Having your records online on accounting software makes everything so much easier. I still have clients who bring a stack of paperwork and we have to put all that into an Excel spreadsheet – the whole process is so taxing! It’s just a case of having a look around at accounting software and moving from manual records into the world of online accounting software.
It is important to start looking at accounting software even though the final switch will occur in 2024. Have a look at software such as Xero and Wave; the first is very user-friendly and ideal for bigger schools, while the second is good for smaller schools.
Should I be worried about IR35?
HMRC has a tool you can use to see if you should be worried about IR35, but if you are a subcontractor, working for more than one place, such as is the case with dance teachers, I don’t think you need to worry about it.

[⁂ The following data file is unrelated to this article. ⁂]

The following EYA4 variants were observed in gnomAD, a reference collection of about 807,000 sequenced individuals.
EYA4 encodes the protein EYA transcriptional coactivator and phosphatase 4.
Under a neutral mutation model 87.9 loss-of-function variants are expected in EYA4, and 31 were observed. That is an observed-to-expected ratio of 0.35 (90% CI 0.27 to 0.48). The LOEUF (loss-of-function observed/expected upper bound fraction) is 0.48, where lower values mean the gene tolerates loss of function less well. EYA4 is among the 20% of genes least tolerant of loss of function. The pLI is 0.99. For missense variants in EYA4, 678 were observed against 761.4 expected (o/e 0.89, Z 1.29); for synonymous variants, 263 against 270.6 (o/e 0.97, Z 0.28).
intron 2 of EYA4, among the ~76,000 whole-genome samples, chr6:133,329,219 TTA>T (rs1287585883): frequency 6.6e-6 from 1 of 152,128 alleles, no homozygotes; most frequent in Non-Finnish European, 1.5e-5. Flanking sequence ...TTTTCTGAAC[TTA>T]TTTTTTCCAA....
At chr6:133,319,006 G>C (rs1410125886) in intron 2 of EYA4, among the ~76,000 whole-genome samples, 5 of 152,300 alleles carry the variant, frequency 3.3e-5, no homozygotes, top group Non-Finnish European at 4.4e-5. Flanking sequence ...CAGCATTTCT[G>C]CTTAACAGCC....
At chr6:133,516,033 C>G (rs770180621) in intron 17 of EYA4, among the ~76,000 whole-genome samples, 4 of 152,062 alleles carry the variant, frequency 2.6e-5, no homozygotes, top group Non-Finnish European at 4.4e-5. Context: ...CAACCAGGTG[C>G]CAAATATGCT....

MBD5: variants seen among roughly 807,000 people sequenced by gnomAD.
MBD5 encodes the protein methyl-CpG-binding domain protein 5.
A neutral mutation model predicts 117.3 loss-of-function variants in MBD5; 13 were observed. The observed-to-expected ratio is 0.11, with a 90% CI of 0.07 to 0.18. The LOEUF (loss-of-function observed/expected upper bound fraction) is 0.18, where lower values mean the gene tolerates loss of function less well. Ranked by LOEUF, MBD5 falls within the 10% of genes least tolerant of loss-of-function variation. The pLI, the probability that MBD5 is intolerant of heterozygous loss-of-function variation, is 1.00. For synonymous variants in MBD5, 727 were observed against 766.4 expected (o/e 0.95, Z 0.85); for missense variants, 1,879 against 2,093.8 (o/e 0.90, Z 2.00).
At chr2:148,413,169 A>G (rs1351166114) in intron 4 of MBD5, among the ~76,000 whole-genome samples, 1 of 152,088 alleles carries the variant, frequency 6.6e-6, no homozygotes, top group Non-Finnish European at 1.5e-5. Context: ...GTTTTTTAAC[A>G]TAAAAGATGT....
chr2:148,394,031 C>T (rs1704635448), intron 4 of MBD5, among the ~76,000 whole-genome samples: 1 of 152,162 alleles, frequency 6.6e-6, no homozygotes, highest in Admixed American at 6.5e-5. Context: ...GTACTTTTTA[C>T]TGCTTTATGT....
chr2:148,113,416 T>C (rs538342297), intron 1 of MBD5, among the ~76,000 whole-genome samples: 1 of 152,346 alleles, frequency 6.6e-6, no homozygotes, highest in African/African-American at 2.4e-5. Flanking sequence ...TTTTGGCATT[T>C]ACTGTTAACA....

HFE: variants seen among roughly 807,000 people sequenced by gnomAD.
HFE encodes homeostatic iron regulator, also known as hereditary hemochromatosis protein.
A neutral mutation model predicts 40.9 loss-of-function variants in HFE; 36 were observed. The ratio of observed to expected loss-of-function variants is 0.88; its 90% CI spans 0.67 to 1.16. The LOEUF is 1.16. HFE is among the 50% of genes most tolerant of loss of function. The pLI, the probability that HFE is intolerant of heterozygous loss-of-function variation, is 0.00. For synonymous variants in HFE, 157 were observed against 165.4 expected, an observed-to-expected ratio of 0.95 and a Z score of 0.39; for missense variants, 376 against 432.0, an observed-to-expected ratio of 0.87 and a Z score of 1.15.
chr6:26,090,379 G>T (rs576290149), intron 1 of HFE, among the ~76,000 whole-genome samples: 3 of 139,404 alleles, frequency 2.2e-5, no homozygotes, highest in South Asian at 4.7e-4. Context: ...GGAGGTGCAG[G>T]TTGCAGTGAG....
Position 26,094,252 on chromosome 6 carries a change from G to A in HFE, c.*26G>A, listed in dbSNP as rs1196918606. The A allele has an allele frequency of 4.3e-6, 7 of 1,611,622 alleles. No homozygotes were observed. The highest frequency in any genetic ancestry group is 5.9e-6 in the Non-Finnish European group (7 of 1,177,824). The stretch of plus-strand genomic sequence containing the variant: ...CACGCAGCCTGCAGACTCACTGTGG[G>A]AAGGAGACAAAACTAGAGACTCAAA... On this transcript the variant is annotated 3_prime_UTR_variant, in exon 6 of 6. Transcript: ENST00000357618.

Help with payroll schemes – employed or self-employed?
With regards to whether you should be an employee (on the payroll) or a subcontractor (self-employed), there is no right or wrong answer here. It is common practice for 9-5 jobs in a single location to be on the payroll but if you work in many locations and with varied working hours, you may also require this for the purpose of security. Again, this is dependent on your own personal circumstances and employer!
COVID support schemes – Do I need to declare these?
The short answer is yes. Revenue and customs keep track of how much you have spent in COVID support schemes in case of unemployment. In other cases, these should be added to your accounts, which should be managed by your accountant. In any case, revenue and customs know exactly how much you have received out of the support scheme so you should declare it appropriately.
We’re grateful to Sam for her time, and to our community for asking such great questions. Hopefully you now have a clearer idea of what you can claim back and what you need to declare.